When a sourcing project gets to a certain size, it often makes sense to set up a permanent presence on-the-ground in China to help manage the supply chain. This series of blog posts covers some of the key areas of consideration when it comes to setting up in China.
The PRC levies a wide range of taxes including income taxes (corporate income tax an individual income tax), turnover taxes (value added tax, business tax and consumption tax), taxes on real estates (land appreciation tax, real estate tax and urban and township land-use tax) and other taxes such as deed tax, stamp duty, custom duties, motor vehicle acquisition tax, vehicle and vessel tax and resource tax. There is no capital gains tax as such in the PRC. Gains on the sale of fixed assets are taxable as ordinary income.
Enterprise Income Tax (“EIT”)
The current EIT law took effect from 1 January 2008 and introduced a new concept-Tax resident enterprise (“TRE”). TRE refers to an enterprise established according to the Chinese Law or an enterprise established according to foreign law but with its effective management located in China.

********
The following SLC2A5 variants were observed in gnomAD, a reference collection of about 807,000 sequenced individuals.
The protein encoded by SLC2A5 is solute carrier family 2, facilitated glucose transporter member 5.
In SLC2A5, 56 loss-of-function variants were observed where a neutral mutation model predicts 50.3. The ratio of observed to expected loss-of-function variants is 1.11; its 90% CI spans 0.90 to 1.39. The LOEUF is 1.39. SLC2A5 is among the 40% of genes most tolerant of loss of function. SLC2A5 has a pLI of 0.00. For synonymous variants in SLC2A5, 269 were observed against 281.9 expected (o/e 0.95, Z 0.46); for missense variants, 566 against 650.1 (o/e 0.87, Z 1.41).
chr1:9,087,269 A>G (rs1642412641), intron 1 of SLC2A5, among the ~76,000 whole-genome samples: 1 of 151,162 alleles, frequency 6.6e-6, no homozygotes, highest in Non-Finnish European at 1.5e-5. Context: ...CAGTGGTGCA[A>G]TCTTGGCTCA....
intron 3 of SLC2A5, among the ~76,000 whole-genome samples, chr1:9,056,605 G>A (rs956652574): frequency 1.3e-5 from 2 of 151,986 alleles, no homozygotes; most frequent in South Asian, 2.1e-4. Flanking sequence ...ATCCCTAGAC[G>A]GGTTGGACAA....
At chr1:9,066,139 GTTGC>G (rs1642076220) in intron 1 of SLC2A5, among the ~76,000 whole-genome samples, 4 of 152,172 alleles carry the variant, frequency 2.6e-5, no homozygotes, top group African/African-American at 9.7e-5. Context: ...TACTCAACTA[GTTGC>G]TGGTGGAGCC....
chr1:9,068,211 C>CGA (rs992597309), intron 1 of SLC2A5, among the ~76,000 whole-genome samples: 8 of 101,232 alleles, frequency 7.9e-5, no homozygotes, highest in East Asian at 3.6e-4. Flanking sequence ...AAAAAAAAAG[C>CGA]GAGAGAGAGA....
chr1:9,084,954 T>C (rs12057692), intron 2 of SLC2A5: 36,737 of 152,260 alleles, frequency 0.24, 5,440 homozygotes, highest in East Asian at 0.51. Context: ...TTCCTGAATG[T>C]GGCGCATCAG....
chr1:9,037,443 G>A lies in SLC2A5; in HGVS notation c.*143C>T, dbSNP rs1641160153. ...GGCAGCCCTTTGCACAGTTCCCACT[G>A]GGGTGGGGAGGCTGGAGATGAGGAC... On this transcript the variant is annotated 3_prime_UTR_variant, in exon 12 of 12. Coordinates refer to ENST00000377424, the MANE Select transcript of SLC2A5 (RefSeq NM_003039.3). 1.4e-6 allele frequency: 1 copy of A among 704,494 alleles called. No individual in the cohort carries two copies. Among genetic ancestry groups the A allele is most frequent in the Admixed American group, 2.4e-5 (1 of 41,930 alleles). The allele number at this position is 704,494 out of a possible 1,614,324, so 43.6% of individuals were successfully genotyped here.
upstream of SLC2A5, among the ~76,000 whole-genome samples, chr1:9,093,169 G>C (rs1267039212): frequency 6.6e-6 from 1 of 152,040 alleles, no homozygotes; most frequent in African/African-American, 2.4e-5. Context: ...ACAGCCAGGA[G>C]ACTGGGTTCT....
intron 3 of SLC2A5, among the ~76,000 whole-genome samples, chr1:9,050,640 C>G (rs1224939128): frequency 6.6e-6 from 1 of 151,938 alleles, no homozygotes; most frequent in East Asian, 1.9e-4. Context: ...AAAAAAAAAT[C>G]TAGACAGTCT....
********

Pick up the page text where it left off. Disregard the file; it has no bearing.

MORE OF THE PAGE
TREs are subject to EIT on worldwide income, but tax credits may be available under dual tax treaties for income tax paid in other countries. All TREs should pay income tax on the income obtained from production, business operations and other sources. The standard EIT rate is 25%. A lower tax rate is available for qualified small and thin-profit enterprises (20%) and for qualified new/high tech enterprises (15%).
Foreign enterprises (i.e. those foreign companies without a separate legal presence in the PRC such as a representative office) must pay income tax on the income they obtain from production, business operations and other sources, where such income is derived from inside the PRC.
Written for CSIC by Sophie Mao
China based lawyer at www.AsiaBridgeLaw.com